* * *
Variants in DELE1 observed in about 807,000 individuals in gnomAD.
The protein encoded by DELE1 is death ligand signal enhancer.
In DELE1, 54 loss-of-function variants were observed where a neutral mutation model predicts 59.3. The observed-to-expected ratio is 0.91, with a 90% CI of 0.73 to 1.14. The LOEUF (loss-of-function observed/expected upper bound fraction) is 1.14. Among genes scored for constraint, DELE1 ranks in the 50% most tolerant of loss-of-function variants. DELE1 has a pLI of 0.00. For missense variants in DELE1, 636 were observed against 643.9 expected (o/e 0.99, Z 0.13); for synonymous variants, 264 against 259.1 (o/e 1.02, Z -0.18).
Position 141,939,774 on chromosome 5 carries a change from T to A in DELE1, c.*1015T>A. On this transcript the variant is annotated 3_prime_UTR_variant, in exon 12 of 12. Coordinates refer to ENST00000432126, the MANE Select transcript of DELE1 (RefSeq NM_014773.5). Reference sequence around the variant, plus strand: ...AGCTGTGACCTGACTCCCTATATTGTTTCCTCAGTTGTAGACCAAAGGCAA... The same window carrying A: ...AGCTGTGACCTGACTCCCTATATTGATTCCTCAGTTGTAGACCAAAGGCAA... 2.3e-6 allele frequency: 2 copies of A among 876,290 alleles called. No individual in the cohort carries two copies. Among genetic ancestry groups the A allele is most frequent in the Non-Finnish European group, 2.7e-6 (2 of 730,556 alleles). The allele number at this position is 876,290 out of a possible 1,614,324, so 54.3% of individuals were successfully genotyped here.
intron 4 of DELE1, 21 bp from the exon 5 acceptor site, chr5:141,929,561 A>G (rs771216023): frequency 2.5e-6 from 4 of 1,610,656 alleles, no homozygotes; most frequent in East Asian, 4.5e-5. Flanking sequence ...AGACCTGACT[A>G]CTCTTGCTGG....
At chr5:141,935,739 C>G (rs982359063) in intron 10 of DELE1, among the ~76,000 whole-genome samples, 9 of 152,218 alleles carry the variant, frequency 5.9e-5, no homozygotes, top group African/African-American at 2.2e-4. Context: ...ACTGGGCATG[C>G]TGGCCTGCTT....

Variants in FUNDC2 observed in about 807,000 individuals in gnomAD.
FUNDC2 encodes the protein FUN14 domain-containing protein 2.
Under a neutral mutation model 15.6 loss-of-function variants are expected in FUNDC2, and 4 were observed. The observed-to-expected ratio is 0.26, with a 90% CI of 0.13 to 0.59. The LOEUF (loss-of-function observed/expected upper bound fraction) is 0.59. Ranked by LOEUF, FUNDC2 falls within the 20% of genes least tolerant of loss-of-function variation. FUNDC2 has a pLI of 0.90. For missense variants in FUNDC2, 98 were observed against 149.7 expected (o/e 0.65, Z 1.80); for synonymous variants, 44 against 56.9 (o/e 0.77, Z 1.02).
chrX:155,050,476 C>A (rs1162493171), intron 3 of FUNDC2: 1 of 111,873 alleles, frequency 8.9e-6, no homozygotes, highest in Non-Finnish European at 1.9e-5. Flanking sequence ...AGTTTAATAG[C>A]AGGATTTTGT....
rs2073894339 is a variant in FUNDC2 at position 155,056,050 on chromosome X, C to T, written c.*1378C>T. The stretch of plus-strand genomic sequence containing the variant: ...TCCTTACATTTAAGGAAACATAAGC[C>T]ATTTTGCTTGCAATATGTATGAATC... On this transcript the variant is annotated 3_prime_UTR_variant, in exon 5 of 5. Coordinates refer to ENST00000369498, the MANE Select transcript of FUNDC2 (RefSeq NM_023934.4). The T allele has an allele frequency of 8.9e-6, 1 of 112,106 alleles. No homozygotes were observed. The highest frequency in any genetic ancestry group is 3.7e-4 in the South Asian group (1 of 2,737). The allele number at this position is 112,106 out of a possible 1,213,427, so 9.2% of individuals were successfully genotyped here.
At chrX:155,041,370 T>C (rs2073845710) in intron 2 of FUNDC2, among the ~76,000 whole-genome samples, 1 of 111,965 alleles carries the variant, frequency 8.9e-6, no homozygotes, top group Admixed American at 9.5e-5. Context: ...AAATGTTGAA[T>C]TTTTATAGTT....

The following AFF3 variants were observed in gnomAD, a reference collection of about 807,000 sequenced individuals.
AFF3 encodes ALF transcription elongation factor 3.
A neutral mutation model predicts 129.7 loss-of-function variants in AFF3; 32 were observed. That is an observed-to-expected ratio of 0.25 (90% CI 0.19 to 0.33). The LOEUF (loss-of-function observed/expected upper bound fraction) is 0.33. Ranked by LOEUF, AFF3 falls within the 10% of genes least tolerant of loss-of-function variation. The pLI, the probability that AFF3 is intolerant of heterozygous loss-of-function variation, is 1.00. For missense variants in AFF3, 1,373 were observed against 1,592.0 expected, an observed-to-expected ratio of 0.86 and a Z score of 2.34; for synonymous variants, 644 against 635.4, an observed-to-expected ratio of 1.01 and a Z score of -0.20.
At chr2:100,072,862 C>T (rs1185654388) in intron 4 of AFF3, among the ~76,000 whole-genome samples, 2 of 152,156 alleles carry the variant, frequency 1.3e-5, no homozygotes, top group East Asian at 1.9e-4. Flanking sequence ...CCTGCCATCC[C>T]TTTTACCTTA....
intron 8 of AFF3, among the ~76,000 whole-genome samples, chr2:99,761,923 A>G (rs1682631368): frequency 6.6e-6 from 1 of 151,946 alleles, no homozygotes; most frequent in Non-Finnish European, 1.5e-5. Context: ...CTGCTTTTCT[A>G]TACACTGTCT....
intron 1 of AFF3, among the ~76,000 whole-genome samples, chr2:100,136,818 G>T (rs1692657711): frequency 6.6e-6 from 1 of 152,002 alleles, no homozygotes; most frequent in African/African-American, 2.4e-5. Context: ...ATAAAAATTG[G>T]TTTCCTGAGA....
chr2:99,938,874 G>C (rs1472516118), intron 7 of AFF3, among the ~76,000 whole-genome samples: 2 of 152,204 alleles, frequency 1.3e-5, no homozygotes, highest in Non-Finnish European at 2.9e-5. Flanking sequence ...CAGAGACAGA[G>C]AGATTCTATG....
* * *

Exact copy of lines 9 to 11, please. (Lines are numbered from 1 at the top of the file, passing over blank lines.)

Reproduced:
Under a neutral mutation model 15.6 loss-of-function variants are expected in FUNDC2, and 4 were observed. The observed-to-expected ratio is 0.26, with a 90% CI of 0.13 to 0.59. The LOEUF (loss-of-function observed/expected upper bound fraction) is 0.59. Ranked by LOEUF, FUNDC2 falls within the 20% of genes least tolerant of loss-of-function variation. FUNDC2 has a pLI of 0.90. For missense variants in FUNDC2, 98 were observed against 149.7 expected (o/e 0.65, Z 1.80); for synonymous variants, 44 against 56.9 (o/e 0.77, Z 1.02).
chrX:155,050,476 C>A (rs1162493171), intron 3 of FUNDC2: 1 of 111,873 alleles, frequency 8.9e-6, no homozygotes, highest in Non-Finnish European at 1.9e-5. Flanking sequence ...AGTTTAATAG[C>A]AGGATTTTGT....
rs2073894339 is a variant in FUNDC2 at position 155,056,050 on chromosome X, C to T, written c.*1378C>T. The stretch of plus-strand genomic sequence containing the variant: ...TCCTTACATTTAAGGAAACATAAGC[C>T]ATTTTGCTTGCAATATGTATGAATC... On this transcript the variant is annotated 3_prime_UTR_variant, in exon 5 of 5. Coordinates refer to ENST00000369498, the MANE Select transcript of FUNDC2 (RefSeq NM_023934.4). The T allele has an allele frequency of 8.9e-6, 1 of 112,106 alleles. No homozygotes were observed. The highest frequency in any genetic ancestry group is 3.7e-4 in the South Asian group (1 of 2,737). The allele number at this position is 112,106 out of a possible 1,213,427, so 9.2% of individuals were successfully genotyped here.